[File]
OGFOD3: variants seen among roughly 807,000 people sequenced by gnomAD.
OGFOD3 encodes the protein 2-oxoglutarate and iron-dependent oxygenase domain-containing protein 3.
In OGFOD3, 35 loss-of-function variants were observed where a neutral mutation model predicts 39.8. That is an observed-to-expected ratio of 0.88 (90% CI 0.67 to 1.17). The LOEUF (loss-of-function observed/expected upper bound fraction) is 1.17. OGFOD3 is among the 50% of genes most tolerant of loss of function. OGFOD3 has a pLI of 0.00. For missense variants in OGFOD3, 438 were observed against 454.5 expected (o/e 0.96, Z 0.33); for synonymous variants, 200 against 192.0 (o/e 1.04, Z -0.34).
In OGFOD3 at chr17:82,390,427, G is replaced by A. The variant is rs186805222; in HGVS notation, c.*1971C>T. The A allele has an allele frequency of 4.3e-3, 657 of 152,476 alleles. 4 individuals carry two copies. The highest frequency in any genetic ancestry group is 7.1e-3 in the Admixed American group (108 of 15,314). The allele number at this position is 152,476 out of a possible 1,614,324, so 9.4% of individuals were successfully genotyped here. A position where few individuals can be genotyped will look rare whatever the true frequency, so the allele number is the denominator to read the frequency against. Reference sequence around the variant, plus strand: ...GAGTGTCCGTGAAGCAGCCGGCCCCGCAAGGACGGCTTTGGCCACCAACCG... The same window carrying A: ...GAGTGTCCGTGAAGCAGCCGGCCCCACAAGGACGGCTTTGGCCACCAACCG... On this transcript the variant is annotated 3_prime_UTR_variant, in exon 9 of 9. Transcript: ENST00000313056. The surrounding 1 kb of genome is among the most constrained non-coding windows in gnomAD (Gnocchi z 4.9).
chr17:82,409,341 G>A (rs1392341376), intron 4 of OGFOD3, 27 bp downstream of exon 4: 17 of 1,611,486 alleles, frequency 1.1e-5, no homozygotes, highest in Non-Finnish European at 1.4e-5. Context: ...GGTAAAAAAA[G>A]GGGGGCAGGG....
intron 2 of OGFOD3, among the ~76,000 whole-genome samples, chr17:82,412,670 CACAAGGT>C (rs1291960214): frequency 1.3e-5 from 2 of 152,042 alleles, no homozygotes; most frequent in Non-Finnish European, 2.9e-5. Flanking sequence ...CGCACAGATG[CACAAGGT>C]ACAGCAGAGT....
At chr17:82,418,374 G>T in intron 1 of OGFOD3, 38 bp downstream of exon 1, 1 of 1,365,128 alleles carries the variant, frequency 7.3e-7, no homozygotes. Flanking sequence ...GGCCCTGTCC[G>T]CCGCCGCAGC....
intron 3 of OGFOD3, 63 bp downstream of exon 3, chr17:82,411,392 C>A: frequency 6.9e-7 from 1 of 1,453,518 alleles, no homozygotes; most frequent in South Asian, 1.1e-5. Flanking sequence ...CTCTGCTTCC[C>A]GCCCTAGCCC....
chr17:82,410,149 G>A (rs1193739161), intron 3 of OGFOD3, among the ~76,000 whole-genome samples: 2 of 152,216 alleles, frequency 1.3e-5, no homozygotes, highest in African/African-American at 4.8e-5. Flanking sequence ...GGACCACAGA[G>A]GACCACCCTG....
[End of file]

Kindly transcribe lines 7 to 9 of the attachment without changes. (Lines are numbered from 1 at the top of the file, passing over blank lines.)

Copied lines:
At chr17:82,418,374 G>T in intron 1 of OGFOD3, 38 bp downstream of exon 1, 1 of 1,365,128 alleles carries the variant, frequency 7.3e-7, no homozygotes. Flanking sequence ...GGCCCTGTCC[G>T]CCGCCGCAGC....
intron 3 of OGFOD3, 63 bp downstream of exon 3, chr17:82,411,392 C>A: frequency 6.9e-7 from 1 of 1,453,518 alleles, no homozygotes; most frequent in South Asian, 1.1e-5. Flanking sequence ...CTCTGCTTCC[C>A]GCCCTAGCCC....
chr17:82,410,149 G>A (rs1193739161), intron 3 of OGFOD3, among the ~76,000 whole-genome samples: 2 of 152,216 alleles, frequency 1.3e-5, no homozygotes, highest in African/African-American at 4.8e-5. Flanking sequence ...GGACCACAGA[G>A]GACCACCCTG....